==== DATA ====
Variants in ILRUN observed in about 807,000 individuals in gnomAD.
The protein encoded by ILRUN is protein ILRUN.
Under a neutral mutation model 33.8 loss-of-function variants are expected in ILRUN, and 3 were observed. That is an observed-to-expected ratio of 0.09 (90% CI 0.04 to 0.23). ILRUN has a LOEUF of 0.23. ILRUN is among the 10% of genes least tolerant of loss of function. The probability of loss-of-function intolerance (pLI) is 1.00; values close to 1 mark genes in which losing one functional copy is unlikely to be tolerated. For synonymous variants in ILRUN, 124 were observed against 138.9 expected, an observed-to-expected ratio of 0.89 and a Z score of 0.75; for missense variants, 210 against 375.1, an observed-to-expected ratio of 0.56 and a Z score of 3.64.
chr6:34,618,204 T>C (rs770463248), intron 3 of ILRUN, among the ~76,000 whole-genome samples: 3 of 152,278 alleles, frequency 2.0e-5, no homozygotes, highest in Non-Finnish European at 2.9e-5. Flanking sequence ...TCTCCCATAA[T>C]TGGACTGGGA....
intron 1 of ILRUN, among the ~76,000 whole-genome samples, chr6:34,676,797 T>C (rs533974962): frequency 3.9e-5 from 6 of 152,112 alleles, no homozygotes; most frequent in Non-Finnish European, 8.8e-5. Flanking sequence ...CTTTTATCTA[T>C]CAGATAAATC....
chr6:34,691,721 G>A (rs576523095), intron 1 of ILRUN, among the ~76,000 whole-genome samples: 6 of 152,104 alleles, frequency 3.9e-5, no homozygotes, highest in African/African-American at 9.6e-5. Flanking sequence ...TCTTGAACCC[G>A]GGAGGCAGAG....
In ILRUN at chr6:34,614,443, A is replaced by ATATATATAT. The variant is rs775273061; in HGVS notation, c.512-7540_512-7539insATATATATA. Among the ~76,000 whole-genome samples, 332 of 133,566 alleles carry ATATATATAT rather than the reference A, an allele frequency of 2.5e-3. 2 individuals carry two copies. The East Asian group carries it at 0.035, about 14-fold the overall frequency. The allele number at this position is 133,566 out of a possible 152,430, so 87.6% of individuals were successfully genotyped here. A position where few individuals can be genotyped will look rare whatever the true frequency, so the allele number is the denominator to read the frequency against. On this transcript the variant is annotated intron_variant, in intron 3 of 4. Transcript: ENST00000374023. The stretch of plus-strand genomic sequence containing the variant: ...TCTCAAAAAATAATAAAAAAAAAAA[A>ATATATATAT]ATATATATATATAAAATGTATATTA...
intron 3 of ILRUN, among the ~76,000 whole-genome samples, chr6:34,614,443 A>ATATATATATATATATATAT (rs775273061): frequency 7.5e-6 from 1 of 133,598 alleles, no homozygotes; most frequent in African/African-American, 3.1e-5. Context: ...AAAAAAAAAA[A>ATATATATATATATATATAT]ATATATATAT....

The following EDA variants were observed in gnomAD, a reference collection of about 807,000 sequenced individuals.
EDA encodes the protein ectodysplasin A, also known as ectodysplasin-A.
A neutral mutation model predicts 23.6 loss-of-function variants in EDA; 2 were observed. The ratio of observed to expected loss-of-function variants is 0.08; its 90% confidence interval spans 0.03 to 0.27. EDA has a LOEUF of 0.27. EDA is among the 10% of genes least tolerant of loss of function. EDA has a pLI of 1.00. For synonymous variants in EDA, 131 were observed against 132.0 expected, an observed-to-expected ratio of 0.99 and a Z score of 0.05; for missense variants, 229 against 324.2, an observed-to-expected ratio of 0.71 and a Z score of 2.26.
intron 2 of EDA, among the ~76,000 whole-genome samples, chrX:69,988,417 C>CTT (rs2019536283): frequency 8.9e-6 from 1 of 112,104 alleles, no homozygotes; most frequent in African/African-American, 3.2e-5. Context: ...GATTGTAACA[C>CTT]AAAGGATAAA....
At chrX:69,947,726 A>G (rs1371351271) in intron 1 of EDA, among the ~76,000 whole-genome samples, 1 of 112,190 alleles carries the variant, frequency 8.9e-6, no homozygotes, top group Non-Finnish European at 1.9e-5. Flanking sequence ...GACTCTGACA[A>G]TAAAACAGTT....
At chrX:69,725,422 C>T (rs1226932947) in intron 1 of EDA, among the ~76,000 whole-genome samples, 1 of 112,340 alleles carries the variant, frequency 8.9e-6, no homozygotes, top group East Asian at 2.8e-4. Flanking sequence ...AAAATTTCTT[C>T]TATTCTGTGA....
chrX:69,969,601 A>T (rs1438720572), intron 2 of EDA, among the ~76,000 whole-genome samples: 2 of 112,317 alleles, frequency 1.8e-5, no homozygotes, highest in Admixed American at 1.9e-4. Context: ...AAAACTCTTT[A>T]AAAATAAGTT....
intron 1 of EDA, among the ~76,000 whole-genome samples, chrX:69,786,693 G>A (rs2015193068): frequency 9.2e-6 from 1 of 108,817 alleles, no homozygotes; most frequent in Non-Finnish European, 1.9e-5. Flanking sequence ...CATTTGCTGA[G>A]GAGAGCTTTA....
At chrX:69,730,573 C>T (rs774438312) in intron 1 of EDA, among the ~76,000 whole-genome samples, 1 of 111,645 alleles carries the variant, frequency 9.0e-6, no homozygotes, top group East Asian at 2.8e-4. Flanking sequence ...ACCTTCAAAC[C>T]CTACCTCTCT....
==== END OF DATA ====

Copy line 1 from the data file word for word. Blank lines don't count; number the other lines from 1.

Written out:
Variants in ILRUN observed in about 807,000 individuals in gnomAD.